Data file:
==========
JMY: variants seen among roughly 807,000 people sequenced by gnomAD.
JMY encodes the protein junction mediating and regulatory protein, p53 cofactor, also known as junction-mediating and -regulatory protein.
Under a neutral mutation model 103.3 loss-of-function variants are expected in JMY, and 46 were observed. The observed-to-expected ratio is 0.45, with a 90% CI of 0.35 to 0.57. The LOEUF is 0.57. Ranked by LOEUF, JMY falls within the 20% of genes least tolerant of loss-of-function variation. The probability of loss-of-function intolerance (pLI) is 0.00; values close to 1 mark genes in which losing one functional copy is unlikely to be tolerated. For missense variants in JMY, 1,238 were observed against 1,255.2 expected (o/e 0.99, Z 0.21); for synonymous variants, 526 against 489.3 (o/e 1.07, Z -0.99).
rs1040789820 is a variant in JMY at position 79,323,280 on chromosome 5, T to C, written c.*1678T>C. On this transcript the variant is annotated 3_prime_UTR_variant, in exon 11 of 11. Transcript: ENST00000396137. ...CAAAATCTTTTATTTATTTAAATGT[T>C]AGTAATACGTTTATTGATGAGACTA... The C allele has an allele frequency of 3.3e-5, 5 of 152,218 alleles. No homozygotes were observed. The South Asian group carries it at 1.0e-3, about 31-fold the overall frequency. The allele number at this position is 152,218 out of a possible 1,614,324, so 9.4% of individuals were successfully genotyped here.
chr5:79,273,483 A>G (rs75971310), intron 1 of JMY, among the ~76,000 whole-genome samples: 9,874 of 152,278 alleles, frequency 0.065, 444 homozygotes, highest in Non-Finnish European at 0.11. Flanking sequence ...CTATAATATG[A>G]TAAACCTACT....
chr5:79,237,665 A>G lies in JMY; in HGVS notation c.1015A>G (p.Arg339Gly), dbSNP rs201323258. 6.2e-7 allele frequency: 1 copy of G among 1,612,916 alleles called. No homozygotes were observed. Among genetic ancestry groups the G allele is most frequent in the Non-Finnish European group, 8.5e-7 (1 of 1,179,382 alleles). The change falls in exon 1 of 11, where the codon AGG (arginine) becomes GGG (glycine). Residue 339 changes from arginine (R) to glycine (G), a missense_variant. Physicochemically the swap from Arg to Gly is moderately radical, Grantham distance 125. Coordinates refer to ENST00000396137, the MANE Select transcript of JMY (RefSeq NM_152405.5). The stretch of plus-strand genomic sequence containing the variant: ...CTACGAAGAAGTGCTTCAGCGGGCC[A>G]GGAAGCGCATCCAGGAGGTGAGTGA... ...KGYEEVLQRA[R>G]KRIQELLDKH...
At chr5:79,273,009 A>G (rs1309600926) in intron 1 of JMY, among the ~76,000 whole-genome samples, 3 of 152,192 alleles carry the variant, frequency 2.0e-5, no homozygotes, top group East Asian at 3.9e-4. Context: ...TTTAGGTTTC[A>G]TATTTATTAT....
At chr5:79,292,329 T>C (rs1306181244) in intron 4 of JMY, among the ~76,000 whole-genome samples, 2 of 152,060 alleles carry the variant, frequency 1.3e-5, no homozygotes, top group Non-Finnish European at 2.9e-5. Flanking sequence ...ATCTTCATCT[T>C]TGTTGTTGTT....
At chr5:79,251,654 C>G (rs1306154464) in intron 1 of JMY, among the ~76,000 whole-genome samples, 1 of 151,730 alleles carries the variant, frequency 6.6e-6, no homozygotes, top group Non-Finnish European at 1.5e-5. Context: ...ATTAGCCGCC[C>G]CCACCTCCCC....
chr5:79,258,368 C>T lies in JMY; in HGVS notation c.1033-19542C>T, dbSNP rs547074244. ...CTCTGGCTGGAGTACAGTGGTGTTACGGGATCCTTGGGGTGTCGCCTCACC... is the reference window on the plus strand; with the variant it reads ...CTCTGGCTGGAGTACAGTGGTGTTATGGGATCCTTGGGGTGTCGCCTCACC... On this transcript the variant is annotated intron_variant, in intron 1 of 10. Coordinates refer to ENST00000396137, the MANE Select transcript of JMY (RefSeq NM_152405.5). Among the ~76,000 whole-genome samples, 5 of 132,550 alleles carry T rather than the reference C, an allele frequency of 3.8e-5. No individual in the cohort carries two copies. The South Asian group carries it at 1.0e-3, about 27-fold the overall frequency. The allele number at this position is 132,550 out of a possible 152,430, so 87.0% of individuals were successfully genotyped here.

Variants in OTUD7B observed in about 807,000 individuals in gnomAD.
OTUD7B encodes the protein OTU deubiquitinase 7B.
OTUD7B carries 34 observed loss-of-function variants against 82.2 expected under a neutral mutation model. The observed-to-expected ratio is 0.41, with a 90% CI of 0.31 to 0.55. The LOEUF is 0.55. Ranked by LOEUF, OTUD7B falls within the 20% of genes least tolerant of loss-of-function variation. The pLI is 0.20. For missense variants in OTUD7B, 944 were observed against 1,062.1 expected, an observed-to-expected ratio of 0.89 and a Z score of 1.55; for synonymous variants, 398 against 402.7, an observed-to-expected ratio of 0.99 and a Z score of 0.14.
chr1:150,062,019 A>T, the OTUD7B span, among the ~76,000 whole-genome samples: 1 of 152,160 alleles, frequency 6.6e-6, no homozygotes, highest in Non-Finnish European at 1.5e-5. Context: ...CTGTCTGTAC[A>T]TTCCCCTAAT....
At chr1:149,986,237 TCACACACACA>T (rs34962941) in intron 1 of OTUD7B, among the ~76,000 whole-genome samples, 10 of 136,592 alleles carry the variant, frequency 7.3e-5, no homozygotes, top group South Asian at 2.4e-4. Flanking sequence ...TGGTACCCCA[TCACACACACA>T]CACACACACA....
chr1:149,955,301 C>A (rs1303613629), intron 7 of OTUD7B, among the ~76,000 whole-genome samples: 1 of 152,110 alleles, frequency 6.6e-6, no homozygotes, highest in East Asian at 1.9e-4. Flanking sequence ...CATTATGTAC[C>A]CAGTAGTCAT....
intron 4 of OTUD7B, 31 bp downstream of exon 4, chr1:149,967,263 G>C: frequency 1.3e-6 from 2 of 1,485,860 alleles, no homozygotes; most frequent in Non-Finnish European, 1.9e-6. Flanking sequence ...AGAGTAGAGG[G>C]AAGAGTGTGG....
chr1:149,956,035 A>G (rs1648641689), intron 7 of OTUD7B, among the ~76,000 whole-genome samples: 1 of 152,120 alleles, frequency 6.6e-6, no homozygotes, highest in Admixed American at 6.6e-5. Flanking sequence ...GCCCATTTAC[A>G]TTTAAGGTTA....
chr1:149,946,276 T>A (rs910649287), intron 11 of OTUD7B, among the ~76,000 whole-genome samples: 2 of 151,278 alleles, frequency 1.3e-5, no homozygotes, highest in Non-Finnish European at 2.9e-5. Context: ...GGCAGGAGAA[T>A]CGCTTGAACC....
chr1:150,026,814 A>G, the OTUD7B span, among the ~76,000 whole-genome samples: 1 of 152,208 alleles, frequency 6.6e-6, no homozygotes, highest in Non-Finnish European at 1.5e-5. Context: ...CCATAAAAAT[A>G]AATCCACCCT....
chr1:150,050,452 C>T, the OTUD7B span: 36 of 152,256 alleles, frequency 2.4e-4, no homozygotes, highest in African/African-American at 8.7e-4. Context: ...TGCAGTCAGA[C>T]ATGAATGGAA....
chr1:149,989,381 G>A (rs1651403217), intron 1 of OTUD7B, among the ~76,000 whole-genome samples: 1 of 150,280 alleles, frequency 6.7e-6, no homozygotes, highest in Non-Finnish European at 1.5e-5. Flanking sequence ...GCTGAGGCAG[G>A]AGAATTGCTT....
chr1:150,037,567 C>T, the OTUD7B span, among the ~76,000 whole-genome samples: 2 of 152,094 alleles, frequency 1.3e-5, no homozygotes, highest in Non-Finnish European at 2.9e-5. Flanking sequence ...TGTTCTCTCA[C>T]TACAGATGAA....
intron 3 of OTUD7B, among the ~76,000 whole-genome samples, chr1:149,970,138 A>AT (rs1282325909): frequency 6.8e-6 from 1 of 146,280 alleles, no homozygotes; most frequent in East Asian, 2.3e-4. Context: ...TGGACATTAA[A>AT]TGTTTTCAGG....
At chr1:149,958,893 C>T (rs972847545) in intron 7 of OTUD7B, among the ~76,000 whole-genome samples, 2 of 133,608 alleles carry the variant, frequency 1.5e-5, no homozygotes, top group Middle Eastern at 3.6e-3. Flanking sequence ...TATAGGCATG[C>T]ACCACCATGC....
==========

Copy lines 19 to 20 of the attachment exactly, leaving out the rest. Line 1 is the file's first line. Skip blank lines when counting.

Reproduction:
chr1:149,946,276 T>A (rs910649287), intron 11 of OTUD7B, among the ~76,000 whole-genome samples: 2 of 151,278 alleles, frequency 1.3e-5, no homozygotes, highest in Non-Finnish European at 2.9e-5. Context: ...GGCAGGAGAA[T>A]CGCTTGAACC....
chr1:150,026,814 A>G, the OTUD7B span, among the ~76,000 whole-genome samples: 1 of 152,208 alleles, frequency 6.6e-6, no homozygotes, highest in Non-Finnish European at 1.5e-5. Context: ...CCATAAAAAT[A>G]AATCCACCCT....